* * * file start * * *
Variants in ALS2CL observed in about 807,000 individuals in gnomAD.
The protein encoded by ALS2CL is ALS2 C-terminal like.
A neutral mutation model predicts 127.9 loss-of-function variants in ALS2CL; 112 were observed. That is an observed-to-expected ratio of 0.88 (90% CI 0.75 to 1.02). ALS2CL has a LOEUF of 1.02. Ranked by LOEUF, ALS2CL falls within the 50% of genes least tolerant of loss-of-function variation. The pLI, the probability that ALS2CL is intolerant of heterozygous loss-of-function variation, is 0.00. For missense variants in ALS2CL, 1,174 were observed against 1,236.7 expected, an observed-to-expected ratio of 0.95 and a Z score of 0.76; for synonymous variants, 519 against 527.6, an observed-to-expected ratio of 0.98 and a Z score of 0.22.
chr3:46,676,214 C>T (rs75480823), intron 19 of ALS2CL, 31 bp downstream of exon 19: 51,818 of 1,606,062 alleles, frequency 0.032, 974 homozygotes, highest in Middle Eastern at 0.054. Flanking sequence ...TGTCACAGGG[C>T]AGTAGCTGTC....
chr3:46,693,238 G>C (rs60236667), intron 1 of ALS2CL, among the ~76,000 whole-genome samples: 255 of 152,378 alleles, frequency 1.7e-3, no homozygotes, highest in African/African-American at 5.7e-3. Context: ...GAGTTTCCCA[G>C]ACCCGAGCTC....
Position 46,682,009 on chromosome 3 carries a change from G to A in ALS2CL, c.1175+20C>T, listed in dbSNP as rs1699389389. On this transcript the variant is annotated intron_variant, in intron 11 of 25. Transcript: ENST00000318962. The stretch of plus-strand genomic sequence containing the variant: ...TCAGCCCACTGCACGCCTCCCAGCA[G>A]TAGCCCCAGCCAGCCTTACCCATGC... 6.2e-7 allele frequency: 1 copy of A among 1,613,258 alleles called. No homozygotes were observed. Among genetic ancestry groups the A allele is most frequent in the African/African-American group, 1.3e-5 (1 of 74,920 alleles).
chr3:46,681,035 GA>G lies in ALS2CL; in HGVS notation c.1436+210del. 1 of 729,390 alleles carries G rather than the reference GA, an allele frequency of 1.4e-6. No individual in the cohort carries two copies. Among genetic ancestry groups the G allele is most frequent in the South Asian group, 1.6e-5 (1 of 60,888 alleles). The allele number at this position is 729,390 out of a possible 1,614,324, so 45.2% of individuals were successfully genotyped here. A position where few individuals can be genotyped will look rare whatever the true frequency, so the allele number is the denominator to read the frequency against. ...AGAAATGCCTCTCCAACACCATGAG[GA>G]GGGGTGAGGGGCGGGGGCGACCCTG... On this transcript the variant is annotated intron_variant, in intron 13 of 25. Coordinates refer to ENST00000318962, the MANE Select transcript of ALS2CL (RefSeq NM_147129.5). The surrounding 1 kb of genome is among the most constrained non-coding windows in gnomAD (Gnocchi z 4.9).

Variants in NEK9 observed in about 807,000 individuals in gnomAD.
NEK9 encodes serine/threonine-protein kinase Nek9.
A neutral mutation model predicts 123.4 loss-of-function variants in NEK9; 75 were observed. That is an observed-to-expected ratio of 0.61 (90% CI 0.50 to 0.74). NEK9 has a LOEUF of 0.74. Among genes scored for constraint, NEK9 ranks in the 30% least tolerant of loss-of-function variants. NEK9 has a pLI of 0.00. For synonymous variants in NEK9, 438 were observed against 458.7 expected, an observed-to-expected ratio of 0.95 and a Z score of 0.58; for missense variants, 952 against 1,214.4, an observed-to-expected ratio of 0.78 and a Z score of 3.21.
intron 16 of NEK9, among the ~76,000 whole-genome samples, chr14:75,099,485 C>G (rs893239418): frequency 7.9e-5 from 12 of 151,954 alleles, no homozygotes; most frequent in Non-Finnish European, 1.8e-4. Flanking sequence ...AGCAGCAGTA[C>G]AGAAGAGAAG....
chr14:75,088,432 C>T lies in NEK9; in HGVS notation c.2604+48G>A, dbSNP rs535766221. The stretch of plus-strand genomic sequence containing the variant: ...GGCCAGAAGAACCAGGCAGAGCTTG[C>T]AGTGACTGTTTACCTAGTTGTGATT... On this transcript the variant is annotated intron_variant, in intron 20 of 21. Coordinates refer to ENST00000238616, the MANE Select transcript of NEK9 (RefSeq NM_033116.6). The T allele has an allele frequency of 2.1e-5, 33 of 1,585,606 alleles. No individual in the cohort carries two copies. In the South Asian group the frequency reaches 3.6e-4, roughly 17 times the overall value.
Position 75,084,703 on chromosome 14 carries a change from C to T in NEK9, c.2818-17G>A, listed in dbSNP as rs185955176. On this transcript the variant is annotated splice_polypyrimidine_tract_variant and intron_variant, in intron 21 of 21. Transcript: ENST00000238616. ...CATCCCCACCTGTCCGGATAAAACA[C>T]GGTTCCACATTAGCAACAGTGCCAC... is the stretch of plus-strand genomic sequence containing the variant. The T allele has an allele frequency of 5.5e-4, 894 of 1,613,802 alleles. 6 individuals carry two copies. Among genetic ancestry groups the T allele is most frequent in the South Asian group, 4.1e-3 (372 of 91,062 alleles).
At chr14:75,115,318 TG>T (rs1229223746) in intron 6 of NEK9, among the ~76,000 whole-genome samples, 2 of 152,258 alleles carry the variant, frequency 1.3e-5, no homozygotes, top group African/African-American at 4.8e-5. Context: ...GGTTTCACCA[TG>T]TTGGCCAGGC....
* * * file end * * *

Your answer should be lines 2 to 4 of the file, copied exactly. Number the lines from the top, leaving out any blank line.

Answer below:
The protein encoded by ALS2CL is ALS2 C-terminal like.
A neutral mutation model predicts 127.9 loss-of-function variants in ALS2CL; 112 were observed. That is an observed-to-expected ratio of 0.88 (90% CI 0.75 to 1.02). ALS2CL has a LOEUF of 1.02. Ranked by LOEUF, ALS2CL falls within the 50% of genes least tolerant of loss-of-function variation. The pLI, the probability that ALS2CL is intolerant of heterozygous loss-of-function variation, is 0.00. For missense variants in ALS2CL, 1,174 were observed against 1,236.7 expected, an observed-to-expected ratio of 0.95 and a Z score of 0.76; for synonymous variants, 519 against 527.6, an observed-to-expected ratio of 0.98 and a Z score of 0.22.
chr3:46,676,214 C>T (rs75480823), intron 19 of ALS2CL, 31 bp downstream of exon 19: 51,818 of 1,606,062 alleles, frequency 0.032, 974 homozygotes, highest in Middle Eastern at 0.054. Flanking sequence ...TGTCACAGGG[C>T]AGTAGCTGTC....